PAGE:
The Tree of Dark Desires
Felix Galt stood at the very edge of his fifteen hundred acre estate, gazing across a low stone wall, into the woods, at a very particular tree. Unlike the thousands of trees at his back, the one he was observing did not belong to him, but he wanted it. The towering evergreen was very likely the oldest tree in the forest. It was certainly the grandest, in his estimation. Unfortunately for Felix, the tree lay just beyond his reach, in the very center of that part of the forest to which he had not yet been able to lay claim, despite his most devious efforts. That section of woodland, a mere ten acres, belonged to his despised neighbor, Roger Cares, who didn’t even have what Felix considered the decency to be a businessman, and would not even meet with Felix to discuss the possibility of selling. No, Mister Roger Cares had merely inherited the land, and lived off of it instead of making a living out in the civilized world; the world which knew that everything had a price.
Felix gnashed his teeth, thinking about the grubby little trailer sitting at the other end of that patch of forest, the grubby little garden that surrounded it, and the grubby little man who lived there; the man who dared to defy the will of Felix Galt! The man who owned the tree, he was a particularly irritating thorn in Felix’s side. There was simply no reasoning with him. Felix had offered a more than fair price for the property, according to the market value. Mister Roger Cares would not sell. He had tried arranging logging rights, to no avail. Mister Roger Cares would not allow it. But, Felix wanted that tree, and he would have it. This grubby little man could not be allowed to defy him so.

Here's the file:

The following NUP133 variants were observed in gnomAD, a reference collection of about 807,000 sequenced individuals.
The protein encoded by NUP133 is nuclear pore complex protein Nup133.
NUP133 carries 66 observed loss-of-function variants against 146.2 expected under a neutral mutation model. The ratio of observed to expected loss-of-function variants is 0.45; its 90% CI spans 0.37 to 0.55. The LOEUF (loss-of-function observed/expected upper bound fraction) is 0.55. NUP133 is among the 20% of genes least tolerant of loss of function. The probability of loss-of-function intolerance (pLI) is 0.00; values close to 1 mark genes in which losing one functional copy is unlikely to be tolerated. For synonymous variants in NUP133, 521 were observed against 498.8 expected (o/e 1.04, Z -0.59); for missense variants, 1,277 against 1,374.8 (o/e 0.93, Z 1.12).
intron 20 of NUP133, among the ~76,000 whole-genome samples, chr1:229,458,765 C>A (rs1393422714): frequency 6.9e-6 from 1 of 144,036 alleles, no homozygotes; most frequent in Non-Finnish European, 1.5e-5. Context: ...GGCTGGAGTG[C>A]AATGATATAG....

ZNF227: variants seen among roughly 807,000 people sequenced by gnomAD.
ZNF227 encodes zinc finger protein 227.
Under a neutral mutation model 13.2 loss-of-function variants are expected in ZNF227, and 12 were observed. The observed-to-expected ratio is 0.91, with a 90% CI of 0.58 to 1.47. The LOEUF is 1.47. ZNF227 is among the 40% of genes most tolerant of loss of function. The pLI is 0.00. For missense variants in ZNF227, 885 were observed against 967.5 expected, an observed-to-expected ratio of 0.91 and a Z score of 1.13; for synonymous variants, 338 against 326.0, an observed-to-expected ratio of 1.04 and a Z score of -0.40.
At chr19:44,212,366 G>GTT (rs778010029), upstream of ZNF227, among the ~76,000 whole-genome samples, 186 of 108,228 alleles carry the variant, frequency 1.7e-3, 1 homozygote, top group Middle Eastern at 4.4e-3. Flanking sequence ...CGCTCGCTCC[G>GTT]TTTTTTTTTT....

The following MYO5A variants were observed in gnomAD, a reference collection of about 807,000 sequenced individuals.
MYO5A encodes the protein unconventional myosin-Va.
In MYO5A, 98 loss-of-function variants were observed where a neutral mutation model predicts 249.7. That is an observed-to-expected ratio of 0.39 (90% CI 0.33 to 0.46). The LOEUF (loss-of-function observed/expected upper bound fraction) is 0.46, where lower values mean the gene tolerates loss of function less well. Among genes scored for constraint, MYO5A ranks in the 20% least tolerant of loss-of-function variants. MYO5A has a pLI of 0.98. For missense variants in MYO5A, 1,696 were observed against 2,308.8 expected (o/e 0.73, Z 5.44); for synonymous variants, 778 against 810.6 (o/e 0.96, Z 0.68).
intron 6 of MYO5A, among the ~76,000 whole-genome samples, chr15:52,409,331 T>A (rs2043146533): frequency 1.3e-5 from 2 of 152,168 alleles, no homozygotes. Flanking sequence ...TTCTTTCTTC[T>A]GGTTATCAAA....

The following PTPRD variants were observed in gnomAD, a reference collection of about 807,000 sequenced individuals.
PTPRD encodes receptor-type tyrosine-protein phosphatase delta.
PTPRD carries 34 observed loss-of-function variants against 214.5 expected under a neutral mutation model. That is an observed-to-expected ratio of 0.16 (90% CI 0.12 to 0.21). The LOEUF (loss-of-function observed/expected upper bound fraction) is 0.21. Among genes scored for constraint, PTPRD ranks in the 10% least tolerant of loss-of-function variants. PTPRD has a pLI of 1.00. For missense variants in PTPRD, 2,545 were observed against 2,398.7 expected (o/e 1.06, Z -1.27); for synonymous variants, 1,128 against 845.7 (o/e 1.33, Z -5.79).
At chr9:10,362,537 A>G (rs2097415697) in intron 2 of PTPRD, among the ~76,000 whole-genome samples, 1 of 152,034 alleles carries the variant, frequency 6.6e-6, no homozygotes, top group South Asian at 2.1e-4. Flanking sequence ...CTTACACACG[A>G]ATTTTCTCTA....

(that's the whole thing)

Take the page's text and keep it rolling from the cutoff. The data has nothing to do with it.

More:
As Felix stared at the object of his covetousness, the tree itself seemed to brood. It was an odd specimen. Majestic, of course, but dark and mysterious, as well. It seemed to be the only tree of it’s particular, unidentifiable, species, in the entire forest. It was obviously an evergreen of some kind, over a hundred feet tall, with needles so dark they were almost black, and a thick trunk with black bark as well. Large black cones, a bit smaller than a human head, hung from the branches. There was an odor associated with the tree, which permeated the forest for miles around. It smelled like molasses and roses mingled together with something deeper, earthier, and beyond identification. It was at once alluring and terrifying, beckoning to the ancient memories deep in the core of the human brain, remnants of those aeons before manlike things were blessed with the gift of humanity.
Felix fantasized about what he would do with the tree once he had acquired it, as he surely intended to do. First, he would transport it to his mansion, and set it up in front as a Christmas tree, a rich surprise for his granddaughter. It would be an expensive process, but he could easily afford it, and he intended to make that money back with the wood. Once the holidays were over, he would have it processed as lumber, and build a house out of it. A house made of that wood was guaranteed to bring a huge profit. He had a sample of it, in his hand, a single branch that had been fashioned into a cane by his grandfather. Felix never knew the story of how his grandfather had acquired that branch, but he had always been fascinated by the wood itself. It was dark and reddish, with black striations from the growth rings, and absolutely unyielding. To Felix, this was the most beautiful wood in the world, and he had become obsessed with it at the first sight of that cane, when he was a child.
Felix used the cane to push open the old iron gate which was set into a stone archway in the wall that separated the two properties. An early November snow had begun to fall, and he intended to visit the object of his desire before the snow began to drift. Stepping confidently through the gate, he began to stamp through the low underbrush with his usual unswerving determination. A small minded person might almost think him heroic in his avaricious zeal.